I'll most certainly need to buy more wood and strenghten the table as well as build appropriate stand-offs to locate and support vital components.

I took apart the uprights, and pounded out the lower ball joint. Considering how much load goes to the ball joint support on the upright, (essentially accelerating, braking and cornering a 2600 lb car) it really is amazing how little material there enclosing it. About a 0.25"x0.5" cross section of cast iron. I guessing Honda must have had some form of FEA back in the late 1980's.

I took a few measurements of the CV angle using a 13" wheel vs. a 16" wheel, and the differences were astounding. With a transmission output shaft centerline at 9" above the ground, the CV angle for a 13" wheel was 4 degrees:
Attachment:
CV angle with 13 inch wheel.jpg
CV angle with 13 inch wheel.jpg [ 974.38 KiB | Viewed 2680 times ]


With the 16" wheel, the CV angle is 15 degrees:
Attachment:
CV angle with 16 inch wheel.jpg
CV angle with 16 inch wheel.jpg [ 1.09 MiB | Viewed 2680 times ]


I'm fairly sure there are a few ASME or SAE articles characterizing spin loss and efficiency of Rzeppa CV axles as a function of angle, speed, and torque. Needless to say, 13" wheels it is. Does anyone know if NB miata spindles can accept 4 piston wilwood dynalite calipers under 13" wheels? I tried to search for a willwood bracket which allows for the stock miata rotor to be used with wilwood calipers and have found nothing.

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PostPosted: September 18, 2014, 10:14 am 
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I think you can only use 90-93 rotors with 13" rims, with little to no gain in clearance by adapting wilwood calipers (though I understand the other reasons for converting to Wilwoods). Not sure though.

Wilwood has charts of the caliper outside corner distance to the axle centerline, based on rotor ods.

Might try miata.net classifieds for a second hand 90-93 wilwood kit and spindles, no doubt sitting on a shelf.

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PostPosted: September 18, 2014, 11:15 am 
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The thing to do is not try to get the same ground clearance with the 16" tire, but to use the 16" on the road and the 13" on the track that way you keep the same geometry but gain the ground clearance for the road

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PostPosted: September 18, 2014, 1:54 pm 
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Agreed. I will design with a 13" wheel in mind, and change over to 16" wheels when on the street, which will give me a 5" ground clearance. I showed the 15 degree CV angle to one of our Drivetrain engineers at my work in passing, and he was adamant the CV joint will not only lose efficiency, but generate tremendous heat as well and more quickly breakdown the grease and wear out the joint prematurely.

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PostPosted: September 18, 2014, 2:45 pm 
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LateralScience wrote:
Agreed. I will design with a 13" wheel in mind, and change over to 16" wheels when on the street, which will give me a 5" ground clearance. I showed the 15 degree CV angle to one of our Drivetrain engineers at my work in passing, and he was adamant the CV joint will not only lose efficiency, but generate tremendous heat as well and more quickly breakdown the grease and wear out the joint prematurely.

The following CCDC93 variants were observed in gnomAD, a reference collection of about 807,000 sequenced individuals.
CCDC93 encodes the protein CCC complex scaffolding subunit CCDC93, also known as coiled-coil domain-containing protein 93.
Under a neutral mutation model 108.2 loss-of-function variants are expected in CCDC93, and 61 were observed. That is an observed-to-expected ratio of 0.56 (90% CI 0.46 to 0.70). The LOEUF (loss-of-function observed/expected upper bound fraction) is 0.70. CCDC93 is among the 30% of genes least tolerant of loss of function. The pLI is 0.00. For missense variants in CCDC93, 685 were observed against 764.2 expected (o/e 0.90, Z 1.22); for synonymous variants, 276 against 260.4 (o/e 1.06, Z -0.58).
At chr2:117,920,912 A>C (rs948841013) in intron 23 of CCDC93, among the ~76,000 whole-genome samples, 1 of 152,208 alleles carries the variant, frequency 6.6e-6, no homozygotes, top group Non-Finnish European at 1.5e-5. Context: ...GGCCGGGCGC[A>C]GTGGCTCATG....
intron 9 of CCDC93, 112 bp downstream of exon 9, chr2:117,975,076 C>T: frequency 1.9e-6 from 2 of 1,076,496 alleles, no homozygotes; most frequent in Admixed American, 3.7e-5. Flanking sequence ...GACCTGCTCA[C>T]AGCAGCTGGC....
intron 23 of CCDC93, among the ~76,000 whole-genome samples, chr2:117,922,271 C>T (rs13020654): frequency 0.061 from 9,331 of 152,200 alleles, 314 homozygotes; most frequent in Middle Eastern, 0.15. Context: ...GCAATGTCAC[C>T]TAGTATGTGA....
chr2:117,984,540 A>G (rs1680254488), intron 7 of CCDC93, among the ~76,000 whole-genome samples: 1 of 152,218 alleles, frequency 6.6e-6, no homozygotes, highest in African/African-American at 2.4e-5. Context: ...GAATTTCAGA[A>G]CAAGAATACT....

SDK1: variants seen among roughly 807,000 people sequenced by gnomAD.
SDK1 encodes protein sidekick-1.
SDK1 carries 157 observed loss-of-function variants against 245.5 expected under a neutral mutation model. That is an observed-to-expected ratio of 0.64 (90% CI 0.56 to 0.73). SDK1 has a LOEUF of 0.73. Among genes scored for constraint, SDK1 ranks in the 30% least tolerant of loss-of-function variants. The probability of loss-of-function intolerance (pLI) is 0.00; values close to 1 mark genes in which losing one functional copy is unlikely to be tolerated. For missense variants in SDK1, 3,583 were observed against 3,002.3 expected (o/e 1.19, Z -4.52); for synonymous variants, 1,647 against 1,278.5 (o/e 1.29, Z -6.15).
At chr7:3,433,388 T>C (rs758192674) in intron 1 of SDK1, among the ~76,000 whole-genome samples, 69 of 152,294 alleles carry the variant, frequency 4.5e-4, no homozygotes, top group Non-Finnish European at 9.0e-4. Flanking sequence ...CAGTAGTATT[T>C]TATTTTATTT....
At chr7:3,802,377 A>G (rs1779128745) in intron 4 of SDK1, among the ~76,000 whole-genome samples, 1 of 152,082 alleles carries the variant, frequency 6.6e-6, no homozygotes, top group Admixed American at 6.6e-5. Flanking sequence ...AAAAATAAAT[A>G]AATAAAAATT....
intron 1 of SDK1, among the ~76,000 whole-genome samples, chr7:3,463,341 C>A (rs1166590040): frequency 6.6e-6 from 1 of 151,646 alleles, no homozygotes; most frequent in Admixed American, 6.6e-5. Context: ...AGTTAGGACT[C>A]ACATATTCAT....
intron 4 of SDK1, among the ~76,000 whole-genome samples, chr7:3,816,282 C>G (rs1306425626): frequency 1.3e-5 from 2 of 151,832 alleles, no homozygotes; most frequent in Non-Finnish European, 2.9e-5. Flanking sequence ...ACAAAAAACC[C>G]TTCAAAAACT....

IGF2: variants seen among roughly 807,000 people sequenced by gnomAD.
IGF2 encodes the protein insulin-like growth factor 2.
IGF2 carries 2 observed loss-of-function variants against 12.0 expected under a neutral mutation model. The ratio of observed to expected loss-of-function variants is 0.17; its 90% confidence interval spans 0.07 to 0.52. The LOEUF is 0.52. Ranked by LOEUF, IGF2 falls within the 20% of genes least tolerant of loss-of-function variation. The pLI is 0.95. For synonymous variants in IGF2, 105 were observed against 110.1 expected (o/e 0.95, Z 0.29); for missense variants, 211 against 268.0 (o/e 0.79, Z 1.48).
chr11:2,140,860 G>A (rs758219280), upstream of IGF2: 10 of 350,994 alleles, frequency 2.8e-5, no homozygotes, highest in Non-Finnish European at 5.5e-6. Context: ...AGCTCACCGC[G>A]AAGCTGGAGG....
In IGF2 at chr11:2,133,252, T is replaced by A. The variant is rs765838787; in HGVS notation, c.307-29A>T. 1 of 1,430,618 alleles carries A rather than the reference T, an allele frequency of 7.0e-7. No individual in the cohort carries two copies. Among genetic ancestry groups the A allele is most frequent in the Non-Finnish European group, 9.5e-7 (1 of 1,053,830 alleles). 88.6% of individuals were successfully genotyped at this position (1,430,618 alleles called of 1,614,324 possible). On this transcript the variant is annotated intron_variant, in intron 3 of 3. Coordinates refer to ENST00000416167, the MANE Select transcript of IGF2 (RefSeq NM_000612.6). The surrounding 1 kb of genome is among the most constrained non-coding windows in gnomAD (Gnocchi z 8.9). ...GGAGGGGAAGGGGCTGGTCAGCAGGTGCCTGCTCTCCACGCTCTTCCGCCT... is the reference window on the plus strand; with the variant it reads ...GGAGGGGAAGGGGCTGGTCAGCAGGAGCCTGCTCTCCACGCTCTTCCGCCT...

Would it not pay to lean the engine forward as far as possible which would in turn lift the driveshaft centerline and maybe strike a happy medium between the two wheel sizes. Maybe just alter the sump and pickup to accommodate, this would also lower the cg even further. Alternatively fit an adaptor plate between the engine and box and rotate the box in relationship to the engine.
Just thoughts .

bob

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PostPosted: September 18, 2014, 3:47 pm 
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lose efficiency, but generate tremendous heat as well and more quickly breakdown the grease and wear out the joint prematurely.


Yes and these are the same thing! One horsepower is about 750 Watts. Watts is the metric unit for horsepower. When people say you are losing %10 of your power in the drivetrain, imagine 10 Hp as 7500 watts - that's about 5 household space heaters.

Is the picture of the upright for 16" wheels only raised 1.5"? It looks more but maybe not.

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PostPosted: September 18, 2014, 4:33 pm 
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Erm...Power is simply work over time. Efficiency is a unitless ratio of power out over power in.

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PostPosted: September 18, 2014, 5:17 pm 
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It's inefficient because it's consuming some power. If you estimate how much power is lost, any significant amount of horsepower is a lot of watts going into something like a CV joint. I'm sorry if it seemed I was belaboring a point or being obvious....

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PostPosted: September 18, 2014, 8:26 pm 
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seattletom,

PM has been sent with the excel spreadsheet. I added descriptions in the headers explaining the variable.

(DISCLAIMER: Note that I make no claims of accuracy of the calculations. Therefore, I do not hold myself responsible for the usage of the calculations if in the event vehicular damage (or any damage) or bodily harm occurs from inaccuracies in the calculations.)

Enjoy!